Barbara Dixon Johnson garden

Barbara Dixon Johnson shows off a red hibiscus bloom growing in her yard. 

Friends say that 70-year-old Barbara Dixon Johnson needs to slow down, but she still gets out in her beautiful two-acre yard on S.C. 905 in Conway every day to check out the progress of her flowers and fruit trees.

Retired from Horry Electric Cooperative, Johnson enjoys sharing the stories behind her green thumb beauties.

Rows of knockout roses line one side of her backyard, and one special circular bed near the back corner of her house is in memory of her beloved husband Donald.

After his death, a friend gave her some of the knockout rose bushes, and she put them in one area especially for him. While he was a disabled veteran who helped where he could in the yard, he did not quite share her passion for the pastime.

“Every year he would say ‘Are you gonna plant some more?’,” Johnson said with a smile. “It’s been my hobby since I was a little girl.”

Although this is not the time of year for her yard to be in full bloom, there is a rainbow of color that arrives in the springtime.

More roses live on the side of her house, and up front, red, white and blue hydrangeas lie in wait for the next colorful bloom.

One special hydrangea plant that is dear to her heart is one at the corner of her front porch, that was given to her by her late daughter-in-law, who gave it to her as a Mother’s Day gift years ago.

Johnson has lived in the area for 48 years, she said, and when she’s not working in her yard, she’s heavily involved in her church down the street, Oak Grove Missionary Baptist Church.

Hidden behind her fence lies a garden of many types of peppers, and a long row of collard greens. In the very back stands a huge blueberry bush that Johnson said gave her at least five or six quarts of berries this year and keeps on giving.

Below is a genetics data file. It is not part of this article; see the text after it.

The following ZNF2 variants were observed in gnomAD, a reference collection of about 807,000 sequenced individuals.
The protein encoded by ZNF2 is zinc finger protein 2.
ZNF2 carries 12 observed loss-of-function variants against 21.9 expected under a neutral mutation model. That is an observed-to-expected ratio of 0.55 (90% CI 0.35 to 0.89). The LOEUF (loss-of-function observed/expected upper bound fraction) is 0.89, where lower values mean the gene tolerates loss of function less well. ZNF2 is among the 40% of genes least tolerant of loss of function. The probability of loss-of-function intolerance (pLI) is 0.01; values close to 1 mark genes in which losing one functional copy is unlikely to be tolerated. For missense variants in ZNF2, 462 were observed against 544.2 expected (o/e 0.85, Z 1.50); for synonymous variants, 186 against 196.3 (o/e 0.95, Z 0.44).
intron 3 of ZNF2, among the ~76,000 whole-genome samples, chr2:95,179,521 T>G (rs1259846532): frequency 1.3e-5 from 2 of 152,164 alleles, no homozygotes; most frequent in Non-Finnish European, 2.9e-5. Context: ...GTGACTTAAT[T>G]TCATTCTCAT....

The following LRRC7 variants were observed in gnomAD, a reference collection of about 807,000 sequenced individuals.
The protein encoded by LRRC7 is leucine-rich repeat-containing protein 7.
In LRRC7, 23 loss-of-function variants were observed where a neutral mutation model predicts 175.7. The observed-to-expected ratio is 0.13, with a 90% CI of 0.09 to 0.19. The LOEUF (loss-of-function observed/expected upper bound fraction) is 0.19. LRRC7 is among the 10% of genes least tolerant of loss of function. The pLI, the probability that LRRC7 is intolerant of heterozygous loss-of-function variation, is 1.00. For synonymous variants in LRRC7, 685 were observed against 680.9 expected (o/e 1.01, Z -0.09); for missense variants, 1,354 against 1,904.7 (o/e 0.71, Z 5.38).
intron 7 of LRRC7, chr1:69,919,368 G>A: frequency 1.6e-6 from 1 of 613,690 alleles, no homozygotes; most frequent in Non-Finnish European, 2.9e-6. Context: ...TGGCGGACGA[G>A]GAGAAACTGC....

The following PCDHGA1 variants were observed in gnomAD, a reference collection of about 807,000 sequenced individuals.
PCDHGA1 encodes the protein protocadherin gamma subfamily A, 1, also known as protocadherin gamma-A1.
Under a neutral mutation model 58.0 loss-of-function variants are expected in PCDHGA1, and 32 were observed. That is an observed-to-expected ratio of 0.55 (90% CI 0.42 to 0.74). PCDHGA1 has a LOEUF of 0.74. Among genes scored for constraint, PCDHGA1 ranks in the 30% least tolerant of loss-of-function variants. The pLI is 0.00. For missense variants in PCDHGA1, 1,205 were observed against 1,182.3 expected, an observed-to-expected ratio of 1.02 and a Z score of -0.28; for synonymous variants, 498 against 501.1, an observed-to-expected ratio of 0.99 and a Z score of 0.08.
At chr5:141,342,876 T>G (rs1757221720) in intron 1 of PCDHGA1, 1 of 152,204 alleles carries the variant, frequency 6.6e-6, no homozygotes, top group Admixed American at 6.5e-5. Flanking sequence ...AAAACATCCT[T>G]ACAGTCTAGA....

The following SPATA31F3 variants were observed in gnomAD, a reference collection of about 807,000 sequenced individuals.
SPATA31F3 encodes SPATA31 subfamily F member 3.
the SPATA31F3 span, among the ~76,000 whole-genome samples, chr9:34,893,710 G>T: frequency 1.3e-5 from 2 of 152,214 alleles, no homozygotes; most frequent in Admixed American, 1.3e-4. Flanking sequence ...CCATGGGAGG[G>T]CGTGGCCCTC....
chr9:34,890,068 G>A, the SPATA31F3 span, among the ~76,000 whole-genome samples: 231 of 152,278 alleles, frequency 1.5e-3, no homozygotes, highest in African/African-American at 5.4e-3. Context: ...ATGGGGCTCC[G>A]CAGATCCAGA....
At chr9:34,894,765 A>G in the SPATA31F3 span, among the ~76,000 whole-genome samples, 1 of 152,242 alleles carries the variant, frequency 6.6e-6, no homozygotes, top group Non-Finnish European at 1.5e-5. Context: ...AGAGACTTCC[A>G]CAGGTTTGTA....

“I put some in the freezer every year,” Johnson said.

A friend gave her that blueberry bush years ago from the woods of Georgetown and it continues to bear sweet berries.

Along her back porch and on the ramp that her late husband needed to get into the back of the house, various plants and flowers bloom in pots.

In a special area behind the house are a garden of miniature fruit trees that should bear fruit next year for the first time. A lemon tree, a persimmon tree, a peach tree and an apple tree stand among them.

Many potted plants line her back fence that she said she has had for years and occasionally must “de-snake.”

Back out on the side lot of her property, a pear tree sits mostly empty, less two pears on the ground, rotten.

“That pear tree was loaded down until Dorian came,” Johnson said, referring to the recent hurricane that made her miss out on a lot of her pear intake this year.

Grapevines, both red and white, line her side yard, and it all started with a handful of seeds tossed aside.

“Someone gave my mother some grapes, and this vine came up after she had thrown the seeds down…and now seven - eight years later…” Johnson said.

A small seedling near her large pomegranate tree is where she said she’s thinking she’ll try her hand at growing kiwis.

“I read that they do well in this climate, and I love kiwi,” Johnson said.

By the pomegranates grow both plums and figs. The figs are nearly ripe, and she has tied brightly-colored grocery bags to some of the limbs to keep the birds from eating all of the figs before she can pick them.

While she isn’t a member of any local garden clubs, when she retired from Horry Electric, some of the employees came down and toured her yard, took pictures and featured her yard in the company’s Living in South Carolina magazine.

Johnson said she really doesn’t have any special gardening tips – just find something you love, plant it and see what happens, she said.

A large part of her beloved yard (and some precious plants on the inside of her home as well), came as gifts from family, or small seeds/seedlings taken from elsewhere and given a chance to bloom.

Really, that’s all you need, she said.

Growing up, Johnson said if her parents took her somewhere to visit and they had a flower or plant she liked, she’d get a cutting from the plant and put it in a can to see if it would grow for her.

“My daddy used to tell me he wanted to build me a room for all of my flowers,” Johnson said. “He didn’t get the chance to, but my husband did it for me – built my sunroom for my plants. It’s been a love of mine forever.”


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